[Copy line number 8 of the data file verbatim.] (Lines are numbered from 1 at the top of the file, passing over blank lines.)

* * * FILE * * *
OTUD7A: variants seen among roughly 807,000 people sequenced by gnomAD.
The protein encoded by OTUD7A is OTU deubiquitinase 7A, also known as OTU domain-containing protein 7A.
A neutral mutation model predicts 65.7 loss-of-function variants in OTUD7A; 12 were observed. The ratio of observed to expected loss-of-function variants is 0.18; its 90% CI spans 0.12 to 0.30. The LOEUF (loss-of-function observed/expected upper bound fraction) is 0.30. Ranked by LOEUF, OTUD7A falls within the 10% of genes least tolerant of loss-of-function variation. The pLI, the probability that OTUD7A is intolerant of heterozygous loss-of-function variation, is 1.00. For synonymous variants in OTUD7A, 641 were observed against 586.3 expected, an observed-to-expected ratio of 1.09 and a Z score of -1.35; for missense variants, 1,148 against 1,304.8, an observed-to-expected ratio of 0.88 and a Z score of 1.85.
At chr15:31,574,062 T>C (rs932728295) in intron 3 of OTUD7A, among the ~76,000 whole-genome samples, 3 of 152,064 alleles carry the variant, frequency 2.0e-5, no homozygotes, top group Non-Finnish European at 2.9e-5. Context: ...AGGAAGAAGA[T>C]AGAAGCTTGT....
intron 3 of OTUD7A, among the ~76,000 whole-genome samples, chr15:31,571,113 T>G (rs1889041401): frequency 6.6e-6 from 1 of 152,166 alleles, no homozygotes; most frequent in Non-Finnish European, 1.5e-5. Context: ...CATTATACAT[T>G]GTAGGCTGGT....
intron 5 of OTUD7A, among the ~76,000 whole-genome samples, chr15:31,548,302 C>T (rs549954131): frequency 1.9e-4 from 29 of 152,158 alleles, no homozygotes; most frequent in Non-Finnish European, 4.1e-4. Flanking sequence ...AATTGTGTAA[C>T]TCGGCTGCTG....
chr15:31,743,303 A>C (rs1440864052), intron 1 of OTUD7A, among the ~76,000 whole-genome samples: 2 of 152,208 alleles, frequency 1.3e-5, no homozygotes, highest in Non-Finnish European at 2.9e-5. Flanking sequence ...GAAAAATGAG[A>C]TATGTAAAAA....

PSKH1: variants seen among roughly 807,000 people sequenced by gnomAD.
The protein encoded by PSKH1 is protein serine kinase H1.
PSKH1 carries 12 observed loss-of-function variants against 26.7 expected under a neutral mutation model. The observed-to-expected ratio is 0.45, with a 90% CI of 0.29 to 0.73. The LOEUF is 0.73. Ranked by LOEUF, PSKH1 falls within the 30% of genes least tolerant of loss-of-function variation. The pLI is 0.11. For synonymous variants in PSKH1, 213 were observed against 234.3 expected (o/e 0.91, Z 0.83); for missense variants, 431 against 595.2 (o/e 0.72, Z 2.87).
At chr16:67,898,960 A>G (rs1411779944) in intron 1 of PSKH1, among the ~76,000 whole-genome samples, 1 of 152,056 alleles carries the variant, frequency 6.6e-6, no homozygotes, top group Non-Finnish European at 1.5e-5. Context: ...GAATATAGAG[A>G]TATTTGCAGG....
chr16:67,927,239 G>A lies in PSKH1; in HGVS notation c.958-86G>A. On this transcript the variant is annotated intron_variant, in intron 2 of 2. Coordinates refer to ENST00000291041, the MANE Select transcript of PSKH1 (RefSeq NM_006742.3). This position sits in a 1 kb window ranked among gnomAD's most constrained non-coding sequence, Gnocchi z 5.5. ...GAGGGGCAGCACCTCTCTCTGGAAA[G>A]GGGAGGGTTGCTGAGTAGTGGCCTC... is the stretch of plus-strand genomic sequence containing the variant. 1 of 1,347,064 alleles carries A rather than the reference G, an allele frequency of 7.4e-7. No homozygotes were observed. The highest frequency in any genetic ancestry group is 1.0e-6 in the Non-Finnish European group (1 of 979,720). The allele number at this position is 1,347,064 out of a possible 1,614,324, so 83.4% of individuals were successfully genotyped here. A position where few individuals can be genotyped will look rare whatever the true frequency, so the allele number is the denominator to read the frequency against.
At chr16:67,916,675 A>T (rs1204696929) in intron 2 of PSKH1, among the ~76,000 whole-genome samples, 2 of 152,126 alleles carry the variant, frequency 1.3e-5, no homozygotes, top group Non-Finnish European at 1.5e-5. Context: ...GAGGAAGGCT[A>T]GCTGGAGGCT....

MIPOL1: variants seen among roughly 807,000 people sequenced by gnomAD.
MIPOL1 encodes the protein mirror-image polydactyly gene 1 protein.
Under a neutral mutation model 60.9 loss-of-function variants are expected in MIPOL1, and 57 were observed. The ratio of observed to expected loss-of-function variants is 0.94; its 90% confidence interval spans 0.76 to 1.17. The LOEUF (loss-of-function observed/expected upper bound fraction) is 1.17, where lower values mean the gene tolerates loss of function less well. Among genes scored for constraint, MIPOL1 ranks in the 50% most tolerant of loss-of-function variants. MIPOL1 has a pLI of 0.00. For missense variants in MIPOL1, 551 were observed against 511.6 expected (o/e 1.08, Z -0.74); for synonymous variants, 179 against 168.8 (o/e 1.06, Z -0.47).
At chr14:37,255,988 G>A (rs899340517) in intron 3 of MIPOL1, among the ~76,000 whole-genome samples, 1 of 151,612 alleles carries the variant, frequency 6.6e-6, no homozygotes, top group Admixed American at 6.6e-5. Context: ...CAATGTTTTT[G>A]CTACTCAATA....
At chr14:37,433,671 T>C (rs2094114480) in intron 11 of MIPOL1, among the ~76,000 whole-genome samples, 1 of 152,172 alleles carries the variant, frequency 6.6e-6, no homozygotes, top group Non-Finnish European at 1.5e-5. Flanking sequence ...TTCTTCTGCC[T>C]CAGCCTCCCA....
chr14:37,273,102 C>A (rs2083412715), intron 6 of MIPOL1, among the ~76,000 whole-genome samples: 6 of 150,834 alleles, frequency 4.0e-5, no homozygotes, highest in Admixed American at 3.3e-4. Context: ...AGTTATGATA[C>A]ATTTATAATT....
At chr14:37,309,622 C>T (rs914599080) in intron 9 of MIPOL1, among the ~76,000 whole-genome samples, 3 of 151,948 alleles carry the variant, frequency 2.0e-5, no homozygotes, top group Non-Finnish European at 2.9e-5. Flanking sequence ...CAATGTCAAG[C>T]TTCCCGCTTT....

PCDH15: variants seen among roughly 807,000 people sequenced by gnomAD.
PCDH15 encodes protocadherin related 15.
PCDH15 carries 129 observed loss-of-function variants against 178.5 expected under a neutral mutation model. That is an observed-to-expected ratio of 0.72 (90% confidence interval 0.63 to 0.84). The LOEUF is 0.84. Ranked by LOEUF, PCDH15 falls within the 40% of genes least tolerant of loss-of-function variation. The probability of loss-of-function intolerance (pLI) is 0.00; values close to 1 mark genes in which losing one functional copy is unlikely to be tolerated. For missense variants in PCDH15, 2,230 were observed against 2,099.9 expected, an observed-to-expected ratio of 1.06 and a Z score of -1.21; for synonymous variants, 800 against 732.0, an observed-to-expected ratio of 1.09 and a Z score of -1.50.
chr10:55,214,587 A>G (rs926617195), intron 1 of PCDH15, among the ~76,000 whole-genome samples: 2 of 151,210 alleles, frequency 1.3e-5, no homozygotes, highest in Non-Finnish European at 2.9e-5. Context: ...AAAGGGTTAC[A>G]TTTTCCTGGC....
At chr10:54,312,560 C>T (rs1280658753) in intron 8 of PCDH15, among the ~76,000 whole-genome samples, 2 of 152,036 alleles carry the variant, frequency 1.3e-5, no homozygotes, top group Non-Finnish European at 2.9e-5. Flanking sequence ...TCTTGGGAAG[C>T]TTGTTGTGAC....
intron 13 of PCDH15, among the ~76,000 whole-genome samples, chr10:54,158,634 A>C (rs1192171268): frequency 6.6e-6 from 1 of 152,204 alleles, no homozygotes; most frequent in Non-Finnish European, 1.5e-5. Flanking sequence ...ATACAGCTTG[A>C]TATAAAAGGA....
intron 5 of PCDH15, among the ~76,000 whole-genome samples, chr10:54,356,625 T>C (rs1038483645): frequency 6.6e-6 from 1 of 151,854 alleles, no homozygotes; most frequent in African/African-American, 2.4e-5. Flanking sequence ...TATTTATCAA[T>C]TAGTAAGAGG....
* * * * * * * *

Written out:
PSKH1: variants seen among roughly 807,000 people sequenced by gnomAD.